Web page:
Full Periodization Workout Plan for Powerlifting

Create a powerlifting training plan using periodization to keep improving year round.

Create a powerlifting training plan using periodization to keep improving year round.

Powerlifting is a test of maximum strength in the bench press, squat and deadlift. Training yourself to move heavy weight can be extremely taxing on your body and energy system. To prevent injury and promote progress, it’s important to create a training plan that allows for work, rest and recovery. To ensure you get the most out of your powerlifting, create a plan that includes phase of varied intensity, frequency and workload.

Periodization

A powerlifting training program is organized based on periodization. Training phases and sessions are designed with a specific purpose in mind, allowing for the completion of a specific goal. Depending on your goal, exercise experience, and the training phase you could be trying to increase the weight lifted or the number of repetitions performed. By altering the amount of weight lifted or number of repetitions performed, it is possible to create a training program that encourages improvement throughout the year.

Transition Phase

During the first one to two weeks of training in the transitional phase keep your training intensity and volume low. Allow your body to adapt to the training schedule and various movements to create a foundation of fitness. The transition phase can also be used to perform baseline testing, such as the one and three rep max tests, to measure ability and track progress over time.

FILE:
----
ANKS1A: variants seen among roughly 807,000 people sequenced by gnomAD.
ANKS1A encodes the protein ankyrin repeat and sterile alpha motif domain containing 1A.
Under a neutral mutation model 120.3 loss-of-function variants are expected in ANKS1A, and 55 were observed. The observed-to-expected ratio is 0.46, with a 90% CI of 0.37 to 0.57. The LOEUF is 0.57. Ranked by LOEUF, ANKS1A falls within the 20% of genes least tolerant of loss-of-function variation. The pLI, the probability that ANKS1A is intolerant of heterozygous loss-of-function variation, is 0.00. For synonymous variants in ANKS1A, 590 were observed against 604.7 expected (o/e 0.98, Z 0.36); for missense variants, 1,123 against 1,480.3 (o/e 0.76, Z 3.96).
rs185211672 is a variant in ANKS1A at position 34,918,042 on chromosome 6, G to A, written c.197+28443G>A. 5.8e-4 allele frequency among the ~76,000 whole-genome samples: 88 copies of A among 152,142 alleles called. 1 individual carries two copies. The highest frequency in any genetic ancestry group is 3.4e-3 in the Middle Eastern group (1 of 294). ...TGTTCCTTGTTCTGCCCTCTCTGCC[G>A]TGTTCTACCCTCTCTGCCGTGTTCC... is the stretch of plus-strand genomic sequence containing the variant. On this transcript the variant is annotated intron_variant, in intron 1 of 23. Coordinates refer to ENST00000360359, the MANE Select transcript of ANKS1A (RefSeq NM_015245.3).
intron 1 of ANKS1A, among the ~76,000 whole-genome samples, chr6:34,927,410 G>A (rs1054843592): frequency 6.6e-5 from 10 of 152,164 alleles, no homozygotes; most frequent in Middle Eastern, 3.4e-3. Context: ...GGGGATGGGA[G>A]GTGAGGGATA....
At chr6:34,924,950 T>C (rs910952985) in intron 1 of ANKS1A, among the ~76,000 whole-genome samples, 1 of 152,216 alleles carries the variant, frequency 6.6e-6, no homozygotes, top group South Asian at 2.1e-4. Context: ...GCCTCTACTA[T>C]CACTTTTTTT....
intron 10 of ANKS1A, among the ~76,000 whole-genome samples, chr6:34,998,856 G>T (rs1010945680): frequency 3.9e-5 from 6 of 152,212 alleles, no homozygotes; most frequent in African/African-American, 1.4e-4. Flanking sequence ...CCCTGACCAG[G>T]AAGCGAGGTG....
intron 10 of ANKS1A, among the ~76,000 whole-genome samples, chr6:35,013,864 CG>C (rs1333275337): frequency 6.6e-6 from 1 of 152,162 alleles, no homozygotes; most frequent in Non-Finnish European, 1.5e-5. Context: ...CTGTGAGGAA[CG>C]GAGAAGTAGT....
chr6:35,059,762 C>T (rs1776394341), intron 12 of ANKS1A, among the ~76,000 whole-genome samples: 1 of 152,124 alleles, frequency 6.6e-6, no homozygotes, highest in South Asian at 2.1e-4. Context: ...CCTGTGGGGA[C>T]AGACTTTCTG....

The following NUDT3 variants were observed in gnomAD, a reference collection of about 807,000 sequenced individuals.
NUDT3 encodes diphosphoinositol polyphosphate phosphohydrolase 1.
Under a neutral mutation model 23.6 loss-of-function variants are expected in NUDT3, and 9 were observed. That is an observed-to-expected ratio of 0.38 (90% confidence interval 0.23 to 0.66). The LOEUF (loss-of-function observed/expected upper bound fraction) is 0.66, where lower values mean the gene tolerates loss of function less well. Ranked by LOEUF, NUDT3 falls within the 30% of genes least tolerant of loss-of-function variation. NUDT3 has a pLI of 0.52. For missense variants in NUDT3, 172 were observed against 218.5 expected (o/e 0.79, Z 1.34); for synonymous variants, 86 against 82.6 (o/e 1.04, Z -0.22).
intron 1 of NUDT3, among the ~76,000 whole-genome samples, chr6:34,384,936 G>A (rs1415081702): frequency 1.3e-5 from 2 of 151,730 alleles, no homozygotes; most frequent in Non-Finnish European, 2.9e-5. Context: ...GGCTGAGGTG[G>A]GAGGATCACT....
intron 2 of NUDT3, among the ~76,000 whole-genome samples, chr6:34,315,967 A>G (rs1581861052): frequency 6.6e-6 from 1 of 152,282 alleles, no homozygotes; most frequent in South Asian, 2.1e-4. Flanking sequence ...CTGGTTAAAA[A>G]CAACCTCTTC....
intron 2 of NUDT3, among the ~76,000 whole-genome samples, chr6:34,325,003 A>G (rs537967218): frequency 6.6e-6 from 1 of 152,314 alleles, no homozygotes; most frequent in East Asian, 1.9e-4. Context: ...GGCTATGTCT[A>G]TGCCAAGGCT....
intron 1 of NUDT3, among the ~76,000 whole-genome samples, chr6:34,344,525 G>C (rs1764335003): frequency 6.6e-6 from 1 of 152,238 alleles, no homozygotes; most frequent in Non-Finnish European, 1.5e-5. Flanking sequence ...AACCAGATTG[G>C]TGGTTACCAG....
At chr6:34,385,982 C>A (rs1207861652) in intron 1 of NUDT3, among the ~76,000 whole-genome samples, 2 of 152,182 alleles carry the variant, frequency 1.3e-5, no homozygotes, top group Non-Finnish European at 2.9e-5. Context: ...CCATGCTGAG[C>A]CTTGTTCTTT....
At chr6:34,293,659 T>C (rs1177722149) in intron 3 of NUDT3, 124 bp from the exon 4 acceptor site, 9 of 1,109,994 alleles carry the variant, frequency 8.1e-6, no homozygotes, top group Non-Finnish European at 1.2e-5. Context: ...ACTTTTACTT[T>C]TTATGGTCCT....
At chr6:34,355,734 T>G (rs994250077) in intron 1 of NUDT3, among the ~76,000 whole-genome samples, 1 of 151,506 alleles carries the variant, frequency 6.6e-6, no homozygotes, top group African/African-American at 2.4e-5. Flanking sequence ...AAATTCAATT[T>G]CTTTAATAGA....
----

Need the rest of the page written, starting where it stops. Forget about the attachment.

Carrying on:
Hypertrophy Phase

The hypertrophy phase uses high volume, low intensity workouts to increase lean muscle mass. This is accomplished over four to eight weeks. Split workouts up throughout the week using body part splits, like chest and back, shoulders and arms, and legs. Then, perform each exercise using 70 percent of your one rep max; perform four sets of eight to 15 repetitions.

Strength Phase

Set up your training intensity and gains during the strength phase. Prepare to perform fewer repetitions, while using a heavier weight. Select a load that is 75 to 85 percent of your one rep maximum and perform three to five sets of four to six repetitions. Instead of performing body part splits, move to training sessions that focus on press, squatting, pulling, and hinging movements. For example, the overhead press, back squat, bent row and deadlift can be used to build totalk body strength.

Power Phase

The strength phase features high intensity, low volume strength workouts of five to eight sets of three to five repetitions. Increase resistance to more than 85 percent of your one repetition max. Using a heavier weight, you will be performing fewer repetitions and recovering longer between sets. Focus on performing the main powerlifting movements, bench, squat and deadlift, to increase your one rep maximum.

 

References

  • Elite FTS: Block Periodization in the Sport of Powerlifting
  • "Periodization Breakthrough: The Ultimate Training System"; Steven Fleck et al.; 1996

About the Author

Combining an extensive knowledge of innovative training methods with a background in athletics and an engaging personality, Joe Vennare serves as the lead presenter for fitness certification seminars, a writer for various websites and publications and an ambassador for various fitness brands. He is a sponsored multi-sport athlete training for or competing in triathlons, ultra-marathons and obstacle course races.

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